If you’re in the content industry, your investors would possibly be very interested in your DAU (daily active users) to MAU (monthly active users) ratio, retention curve and average time spent per user. If you’re into FMCG, the basket size (AOV), sale frequency and CPA (cost per acquisition) is important to gauge the promise of your product line.
When you’re in that boardroom, the analyst's job is to poke holes in your narrative and venture to see how long you can float through your pitch. A small trick is to internally create a hundred question list that your biggest critic will ask you if you were in the same room. ‘Why did you choose audience A when audience B has more paying capacity?’, ‘By when do you predict becoming profitable?’ or the one asked in eight out of ten boardrooms: ‘What happens when others steal your idea?’ (Cheat code: In 90 percent cases maximising efficiency in logistics is the right answer. If your distribution penetration and warehousing is top of the line, you will thrive even if you’re a good grocery ecommerce or EV food truck. It isn’t necessarily true though for a great cookie marketing campaign, the customer would buy another cookie if that brand isn’t available in the local store at the time.)
The scalability plan
Investors put money on the promise of tomorrow than the guarantee of today. It’s great you’re generating X right now but how aligned are you to reach 100X in three years with your revenue stream and present business model. It is also imperative that your visions align with theirs, more so when entering a cluttered market. They are looking for that overview plan, not all fleshed out micro schedules but definitely the intention and capability through a confident macro concept. Pro tip: Dance on the edge of being fairy tale and believable, too much on either side hurts credibility. Uber had literally proposed—best, realistic and worst case scenario in the same slide of their 2008 pitch.
Buzzfeed promised during round one of the pitch—they will ‘dramatically grow traffic without hiring editors’, and make a profitable revenue stream by looking at ‘advertising as content’ and ‘trend targeting’. So before you enter that meeting, it is advisable to at least know some benchmarking and strategic routes you are aiming for in the next couple of years.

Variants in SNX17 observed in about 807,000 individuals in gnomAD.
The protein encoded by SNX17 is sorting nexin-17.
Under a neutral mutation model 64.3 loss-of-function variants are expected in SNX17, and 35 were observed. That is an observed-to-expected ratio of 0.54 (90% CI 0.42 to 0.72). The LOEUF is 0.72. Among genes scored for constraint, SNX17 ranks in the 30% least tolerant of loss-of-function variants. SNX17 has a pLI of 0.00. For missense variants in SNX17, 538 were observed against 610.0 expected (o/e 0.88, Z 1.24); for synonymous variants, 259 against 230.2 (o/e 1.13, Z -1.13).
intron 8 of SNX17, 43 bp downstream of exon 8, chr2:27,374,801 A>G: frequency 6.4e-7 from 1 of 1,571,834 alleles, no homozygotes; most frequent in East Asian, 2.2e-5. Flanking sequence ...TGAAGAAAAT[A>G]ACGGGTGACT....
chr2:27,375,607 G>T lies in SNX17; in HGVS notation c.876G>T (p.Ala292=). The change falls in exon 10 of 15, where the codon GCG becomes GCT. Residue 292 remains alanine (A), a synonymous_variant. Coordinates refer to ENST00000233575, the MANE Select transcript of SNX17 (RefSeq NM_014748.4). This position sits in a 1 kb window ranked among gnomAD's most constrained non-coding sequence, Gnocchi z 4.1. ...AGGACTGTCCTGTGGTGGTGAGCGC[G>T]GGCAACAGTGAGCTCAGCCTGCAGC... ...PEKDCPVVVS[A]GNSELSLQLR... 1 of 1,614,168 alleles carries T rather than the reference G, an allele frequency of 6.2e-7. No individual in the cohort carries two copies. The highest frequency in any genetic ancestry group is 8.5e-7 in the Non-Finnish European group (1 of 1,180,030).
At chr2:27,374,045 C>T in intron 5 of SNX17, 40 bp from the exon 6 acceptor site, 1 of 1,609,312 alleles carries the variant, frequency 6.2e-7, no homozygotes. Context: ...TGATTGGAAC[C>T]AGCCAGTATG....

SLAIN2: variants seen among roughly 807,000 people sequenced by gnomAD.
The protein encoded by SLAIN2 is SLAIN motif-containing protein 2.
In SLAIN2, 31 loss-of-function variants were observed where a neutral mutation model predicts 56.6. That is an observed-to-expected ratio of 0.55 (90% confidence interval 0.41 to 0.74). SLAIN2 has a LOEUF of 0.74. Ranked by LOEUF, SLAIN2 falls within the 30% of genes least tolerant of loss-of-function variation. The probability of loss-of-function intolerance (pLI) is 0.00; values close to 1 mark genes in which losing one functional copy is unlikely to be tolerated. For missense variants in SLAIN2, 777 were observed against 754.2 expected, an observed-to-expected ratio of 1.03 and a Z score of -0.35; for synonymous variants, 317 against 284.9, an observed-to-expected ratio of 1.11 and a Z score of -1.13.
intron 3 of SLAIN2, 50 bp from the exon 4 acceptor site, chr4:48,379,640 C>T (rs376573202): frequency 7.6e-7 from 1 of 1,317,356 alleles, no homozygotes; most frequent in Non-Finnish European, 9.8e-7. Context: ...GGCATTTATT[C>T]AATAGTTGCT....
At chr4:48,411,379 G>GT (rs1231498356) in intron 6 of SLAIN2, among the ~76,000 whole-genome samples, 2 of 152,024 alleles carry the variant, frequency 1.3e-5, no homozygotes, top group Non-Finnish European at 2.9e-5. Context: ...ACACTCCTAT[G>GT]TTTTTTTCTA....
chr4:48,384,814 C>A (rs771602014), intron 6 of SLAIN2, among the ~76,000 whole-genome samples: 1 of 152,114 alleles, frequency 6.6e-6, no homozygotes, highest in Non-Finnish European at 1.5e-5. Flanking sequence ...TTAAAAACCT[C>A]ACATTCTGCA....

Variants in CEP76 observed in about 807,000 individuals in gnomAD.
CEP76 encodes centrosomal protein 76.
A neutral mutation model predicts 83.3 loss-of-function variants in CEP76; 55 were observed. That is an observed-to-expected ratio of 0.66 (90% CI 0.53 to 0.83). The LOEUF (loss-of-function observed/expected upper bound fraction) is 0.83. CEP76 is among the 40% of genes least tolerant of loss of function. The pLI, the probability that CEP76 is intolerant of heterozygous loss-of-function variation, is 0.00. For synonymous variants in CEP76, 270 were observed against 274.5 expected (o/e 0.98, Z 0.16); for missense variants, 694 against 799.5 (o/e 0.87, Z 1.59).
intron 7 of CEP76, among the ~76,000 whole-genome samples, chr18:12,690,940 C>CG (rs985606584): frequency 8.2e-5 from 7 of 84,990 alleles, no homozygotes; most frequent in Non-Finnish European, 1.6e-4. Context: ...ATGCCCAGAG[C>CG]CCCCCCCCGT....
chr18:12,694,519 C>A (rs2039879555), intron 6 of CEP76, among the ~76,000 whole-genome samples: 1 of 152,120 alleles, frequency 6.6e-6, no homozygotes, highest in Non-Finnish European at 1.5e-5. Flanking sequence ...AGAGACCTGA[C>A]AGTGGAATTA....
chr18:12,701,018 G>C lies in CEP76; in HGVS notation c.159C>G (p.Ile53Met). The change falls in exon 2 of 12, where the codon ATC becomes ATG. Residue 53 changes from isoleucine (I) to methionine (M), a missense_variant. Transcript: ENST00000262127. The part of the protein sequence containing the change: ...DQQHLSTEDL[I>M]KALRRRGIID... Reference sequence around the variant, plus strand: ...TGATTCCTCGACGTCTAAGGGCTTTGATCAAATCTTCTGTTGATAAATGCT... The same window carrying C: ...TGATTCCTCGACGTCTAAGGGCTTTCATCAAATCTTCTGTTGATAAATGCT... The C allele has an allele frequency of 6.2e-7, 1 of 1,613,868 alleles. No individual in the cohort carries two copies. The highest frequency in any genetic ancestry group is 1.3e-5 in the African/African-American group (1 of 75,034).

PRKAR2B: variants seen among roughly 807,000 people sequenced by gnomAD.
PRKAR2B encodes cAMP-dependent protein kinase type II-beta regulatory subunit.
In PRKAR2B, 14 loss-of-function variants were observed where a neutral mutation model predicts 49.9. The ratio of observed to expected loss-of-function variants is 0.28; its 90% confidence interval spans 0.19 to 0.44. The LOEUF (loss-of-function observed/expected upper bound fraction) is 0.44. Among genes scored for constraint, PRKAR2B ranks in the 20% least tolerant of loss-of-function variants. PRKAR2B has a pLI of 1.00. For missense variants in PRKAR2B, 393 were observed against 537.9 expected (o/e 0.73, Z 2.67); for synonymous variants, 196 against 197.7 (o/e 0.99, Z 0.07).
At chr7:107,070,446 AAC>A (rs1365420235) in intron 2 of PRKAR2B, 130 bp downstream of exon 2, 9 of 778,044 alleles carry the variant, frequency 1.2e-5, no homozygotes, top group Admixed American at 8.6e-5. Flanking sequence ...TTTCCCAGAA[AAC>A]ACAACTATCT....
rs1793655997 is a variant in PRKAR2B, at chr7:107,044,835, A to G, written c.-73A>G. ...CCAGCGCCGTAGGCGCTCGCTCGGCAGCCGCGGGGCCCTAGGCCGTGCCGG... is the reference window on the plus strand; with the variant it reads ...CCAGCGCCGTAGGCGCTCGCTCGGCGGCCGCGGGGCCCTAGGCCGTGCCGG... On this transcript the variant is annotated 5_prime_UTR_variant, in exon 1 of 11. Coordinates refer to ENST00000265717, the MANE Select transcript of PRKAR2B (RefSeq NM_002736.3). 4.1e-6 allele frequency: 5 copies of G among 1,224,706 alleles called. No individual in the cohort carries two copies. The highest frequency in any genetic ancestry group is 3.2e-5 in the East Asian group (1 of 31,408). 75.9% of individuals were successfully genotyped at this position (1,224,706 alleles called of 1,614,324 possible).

When you approach an investor for money, your chances of approval find a comfortable edge if you can etch out the spending plan. You will be trusted when you have a shield of budget mapping at least a year’s plan to successfully scale with the capital you are looking to raise. And if you’re a first time entrepreneur you don’t need to go into the nuances with an in depth excel, that can always follow and evolve but unless you’re already a successful entrepreneur going for your second or fourth big pivot, it usually shouldn’t be an open-ended ask.
“We need one million for our startup against X percent equity” versus “We need one million to expand our product team, put a quarter of that money on marketing including e-commerce deals and another on operations to bring costs down by 35 percent by completely streamlining our distribution internally from the present third party arrangement and are offering X percent equity dilution for the same.” Think as an investor, who will you trust more with your money?
Raising money and diluting equity is a long game with longer repercussions, try to be as knowledgeable about your offer and expectation as possible. And summarise the above points even while writing cold emails to VCs or angel investors. May your venture elevate both your ambitions and the category itself. Go be the sun.
The writer is the chief strategist & founder of Salt and Paper Consulting. Views and opinions expressed here are personal.
The thoughts and opinions shared here are of the author.